Big Things Have Small Beginnings: Prometheus In Retrospect

Ridley Scott's Prometheus crashed into theaters in 2012 and divided hardcore Alien fans somewhere down the middle. Some loved it. Others despised it. 

As the hype machine built up to a massive crescendo with the movie's release, many loyalists didn't know exactly what to make of the feature. Scott had said the film was not a direct prequel but existed in the same universe as our favorite space heroine, Ellen Ripley. The strange construct of the movie's plot was torn to shreds by people on both sides of the aisle. Even apologists take issue with a narrative that allows extremely smart people to make really bad decisions repeatedly. As beautiful as the visual elements are, many flaws were apparent and the internet became a wretched place where a battle was fought over Scott's way of adding newer, more underhanded religious tones to a series that was always about action and the horrifying acid bleeding xenomorph. Did audiences need more questions answered? And did Prometheus open up too many new doors that would lead to nowhere? One of the most problematic things about the feature was the failure to close those gaps. 

Having recently seen Alien:Covenant, Prometheus becomes a more succinct chapter in the Alien saga. Scott's creative directives become more clear and it also seems likelier that he had a major shift in focus between the two entries. Fans were not happy. So, Scott would try to satisfy them in any way he could, even going as far as to apologize for the movie. Where Prometheus shows his struggle to start anew with a broader spectrum that would entangle the Engineers and a creationist plot into the long game, Covenant seems like Scott was more or less trying to please the fans with another prequel that would satiate their thirst for their long lost acid bleeding friend. While I'm not here to review the latest entry, I'd be amiss in not stating that Prometheus is for all intents and purposes, the far better film. It looks better. It sounds better. And the script actually takes chances. In time, more people will begin to revere the dynamic changes that were made to take focus off the past and place it more firmly on the movie at hand. 

Remembered the Jello shots
but forgot the fishing rod. Damn it.
Time to destroy some humans. 

Upon a recent viewing, it became clearer. Despite the poorly written motives of many crew members and the poor decision making that goes on, Prometheus simply doesn't get the respect it deserves. With this prequel, the mythology was getting a denser, much more populated background that was based more in the sci fi expedition elements than the darker horror of his original Alien. Within the confines of the story, Scott pushes many different narratives that not only concentrate on the coldness of space, but show us the corporate structure that would use and abuse any major find of alien life. We're given another solid female hero that selflessly offers herself to a mission as a crew of poor decision makers continue to poke the hornet's nest of doom.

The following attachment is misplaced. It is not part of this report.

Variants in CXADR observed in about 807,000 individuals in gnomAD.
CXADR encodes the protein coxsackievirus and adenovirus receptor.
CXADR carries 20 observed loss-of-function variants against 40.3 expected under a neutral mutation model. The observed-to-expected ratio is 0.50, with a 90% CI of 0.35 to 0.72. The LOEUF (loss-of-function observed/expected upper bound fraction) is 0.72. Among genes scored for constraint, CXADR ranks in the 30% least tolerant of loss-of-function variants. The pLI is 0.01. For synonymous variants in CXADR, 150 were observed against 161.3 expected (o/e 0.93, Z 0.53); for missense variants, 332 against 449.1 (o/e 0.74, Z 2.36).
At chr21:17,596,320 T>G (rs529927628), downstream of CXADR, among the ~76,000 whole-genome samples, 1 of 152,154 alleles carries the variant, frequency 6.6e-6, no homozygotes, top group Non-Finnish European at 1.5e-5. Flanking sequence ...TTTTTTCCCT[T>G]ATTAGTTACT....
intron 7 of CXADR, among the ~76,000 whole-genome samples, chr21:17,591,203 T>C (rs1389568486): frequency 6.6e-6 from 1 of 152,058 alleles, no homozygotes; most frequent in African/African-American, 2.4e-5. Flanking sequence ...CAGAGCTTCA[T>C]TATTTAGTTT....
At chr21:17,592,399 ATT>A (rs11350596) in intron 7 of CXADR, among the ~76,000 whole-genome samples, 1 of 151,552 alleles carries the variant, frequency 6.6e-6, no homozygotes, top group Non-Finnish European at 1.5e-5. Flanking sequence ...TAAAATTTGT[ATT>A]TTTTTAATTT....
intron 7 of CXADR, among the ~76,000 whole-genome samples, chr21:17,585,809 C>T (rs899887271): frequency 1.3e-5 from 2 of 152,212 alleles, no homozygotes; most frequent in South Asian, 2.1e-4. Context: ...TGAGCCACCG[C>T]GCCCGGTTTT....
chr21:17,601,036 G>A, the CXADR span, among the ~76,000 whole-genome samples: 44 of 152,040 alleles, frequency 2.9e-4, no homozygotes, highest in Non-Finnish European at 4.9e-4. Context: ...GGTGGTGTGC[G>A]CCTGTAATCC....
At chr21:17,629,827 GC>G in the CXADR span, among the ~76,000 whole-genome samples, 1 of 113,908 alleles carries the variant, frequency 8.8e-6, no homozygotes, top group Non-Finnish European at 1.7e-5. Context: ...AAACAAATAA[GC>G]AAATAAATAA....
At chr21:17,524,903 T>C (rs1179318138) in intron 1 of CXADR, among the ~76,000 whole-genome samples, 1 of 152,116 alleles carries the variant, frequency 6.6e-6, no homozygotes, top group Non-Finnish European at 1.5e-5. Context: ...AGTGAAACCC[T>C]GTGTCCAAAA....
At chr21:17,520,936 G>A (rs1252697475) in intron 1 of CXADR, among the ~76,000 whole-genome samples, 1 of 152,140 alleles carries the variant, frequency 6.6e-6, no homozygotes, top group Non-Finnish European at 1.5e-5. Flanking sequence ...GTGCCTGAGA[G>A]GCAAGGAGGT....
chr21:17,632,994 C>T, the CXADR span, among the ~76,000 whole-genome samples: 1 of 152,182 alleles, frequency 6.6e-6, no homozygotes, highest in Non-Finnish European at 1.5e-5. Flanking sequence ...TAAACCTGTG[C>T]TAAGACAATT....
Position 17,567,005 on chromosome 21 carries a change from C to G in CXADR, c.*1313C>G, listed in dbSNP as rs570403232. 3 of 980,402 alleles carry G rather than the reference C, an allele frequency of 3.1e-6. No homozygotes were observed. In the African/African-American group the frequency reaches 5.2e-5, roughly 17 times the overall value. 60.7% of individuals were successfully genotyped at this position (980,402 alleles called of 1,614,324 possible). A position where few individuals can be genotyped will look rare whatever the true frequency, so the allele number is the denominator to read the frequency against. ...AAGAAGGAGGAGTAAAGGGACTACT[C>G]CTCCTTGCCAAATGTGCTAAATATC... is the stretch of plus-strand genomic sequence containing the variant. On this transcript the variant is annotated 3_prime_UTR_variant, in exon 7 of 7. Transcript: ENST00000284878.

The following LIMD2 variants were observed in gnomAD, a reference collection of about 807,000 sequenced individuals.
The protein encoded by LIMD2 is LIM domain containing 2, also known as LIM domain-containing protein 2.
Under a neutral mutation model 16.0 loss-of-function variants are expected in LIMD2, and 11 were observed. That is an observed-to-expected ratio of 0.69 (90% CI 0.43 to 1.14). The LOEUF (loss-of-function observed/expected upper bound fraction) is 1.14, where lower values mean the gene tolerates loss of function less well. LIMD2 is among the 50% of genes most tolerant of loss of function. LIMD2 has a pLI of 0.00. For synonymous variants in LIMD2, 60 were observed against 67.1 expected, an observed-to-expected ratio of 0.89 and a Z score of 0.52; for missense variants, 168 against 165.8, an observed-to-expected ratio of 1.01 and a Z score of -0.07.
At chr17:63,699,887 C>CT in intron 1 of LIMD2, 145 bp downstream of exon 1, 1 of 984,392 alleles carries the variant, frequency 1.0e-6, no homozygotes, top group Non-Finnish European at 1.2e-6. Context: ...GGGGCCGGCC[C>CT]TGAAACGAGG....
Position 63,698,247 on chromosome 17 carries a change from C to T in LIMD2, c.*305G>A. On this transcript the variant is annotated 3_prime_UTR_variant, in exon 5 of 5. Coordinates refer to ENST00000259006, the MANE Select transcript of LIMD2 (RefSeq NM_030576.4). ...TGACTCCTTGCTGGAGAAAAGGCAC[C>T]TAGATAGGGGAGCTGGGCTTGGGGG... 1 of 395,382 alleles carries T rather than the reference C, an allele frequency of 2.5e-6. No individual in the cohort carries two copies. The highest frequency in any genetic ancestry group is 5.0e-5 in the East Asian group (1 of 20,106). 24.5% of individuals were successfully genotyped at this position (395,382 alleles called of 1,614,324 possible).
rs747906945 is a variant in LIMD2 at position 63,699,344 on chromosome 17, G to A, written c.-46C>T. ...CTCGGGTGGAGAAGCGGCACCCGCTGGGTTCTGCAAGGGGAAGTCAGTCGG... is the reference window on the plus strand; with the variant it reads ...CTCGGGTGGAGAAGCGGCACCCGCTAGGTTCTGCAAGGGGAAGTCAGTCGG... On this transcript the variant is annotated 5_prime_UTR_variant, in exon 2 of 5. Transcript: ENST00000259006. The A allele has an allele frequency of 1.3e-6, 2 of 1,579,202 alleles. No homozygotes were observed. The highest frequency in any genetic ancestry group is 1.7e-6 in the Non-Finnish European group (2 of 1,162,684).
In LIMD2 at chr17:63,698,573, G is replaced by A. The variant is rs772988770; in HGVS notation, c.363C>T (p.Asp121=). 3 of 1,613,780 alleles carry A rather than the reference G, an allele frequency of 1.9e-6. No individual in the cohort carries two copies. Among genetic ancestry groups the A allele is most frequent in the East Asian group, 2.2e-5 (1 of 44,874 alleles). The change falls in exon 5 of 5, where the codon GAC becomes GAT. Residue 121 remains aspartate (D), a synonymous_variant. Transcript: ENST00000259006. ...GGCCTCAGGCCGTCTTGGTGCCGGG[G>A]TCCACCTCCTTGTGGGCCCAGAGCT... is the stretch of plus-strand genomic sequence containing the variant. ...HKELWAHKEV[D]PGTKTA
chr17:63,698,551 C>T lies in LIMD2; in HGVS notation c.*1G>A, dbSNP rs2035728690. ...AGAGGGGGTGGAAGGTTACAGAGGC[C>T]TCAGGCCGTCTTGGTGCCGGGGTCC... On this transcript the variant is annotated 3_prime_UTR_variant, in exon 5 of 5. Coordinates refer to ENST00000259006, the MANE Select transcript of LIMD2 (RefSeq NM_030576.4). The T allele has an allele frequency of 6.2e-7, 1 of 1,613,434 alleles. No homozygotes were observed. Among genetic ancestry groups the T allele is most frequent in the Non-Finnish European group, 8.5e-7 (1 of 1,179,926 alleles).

It seems that our expectations are possibly skewed when going into a movie like Prometheus or the upcoming Covenant. The original Alien remains a classic, one which will never be matched. Perhaps, we as viewers should temper the way we enter prequels that come decades later. There will never be another first for this franchise and to expect anything to live up to that level of originality is completely unwarranted. In an age where everything has been done already, Ridley Scott won't be able to out perform himself but at least he has the balls to try, knowing that internet trolls and vitriolic fanboys are going to light him up at every turn.

So, is Prometheus the horrible movie that many remember? Absolutely not. While I've never been a detractor, the problems have always been glaring but still excusable. Watching it again, Scott's vision is much more concise than first thought. The elements of the universe are there but he meticulously originates a brand new mythos within the confines of the macrocosm he'd already visited back in 1979. The dots begin to connect without breaking up or changing too much of what existed before. With Noomi Rapace at the helm, the strong female protagonist remains a focal point without walking on Ripley's legacy. Shaw is at the polar opposite end of the spectrum. Where Ripley was a warrant officer aboard the Nostromo, Elizabeth is a scientist in search for answers. The characters have some minor similarities but both remain potent representations of women in extreme situations that handle themselves against all odds. 

Yes, they have Redtube aboard this vessel.
I shall enjoy this each day of my boring android life. 

Prometheus succeeds on its visual merits alone. Withstanding a script that definitely struggles to maintain focus on the prize, Scott and his team still deliver a worthwhile addition to the Alien storyline that establishes history to fall back on. Will this ever be considered the best? Absolutely not. But it's way better than the thrashing it got from fans and critics. Again, it's a matter of balancing expectations. There are not many cases of a sequel/prequel living up to the overzealous hype of marketing and fan's unrealistic hopes for the second coming of the xenomorph. Prometheus is just about the best we're going to get when revisiting the well for the fifth time. Covenant may try, but having seen the film I can say that many will be disappointed. 

Think what you may. I won't discount your opinion. We're all entitled. But I think Prometheus is a great sci fi spectacle that has an excellent score, great acting, and is stunning to look at.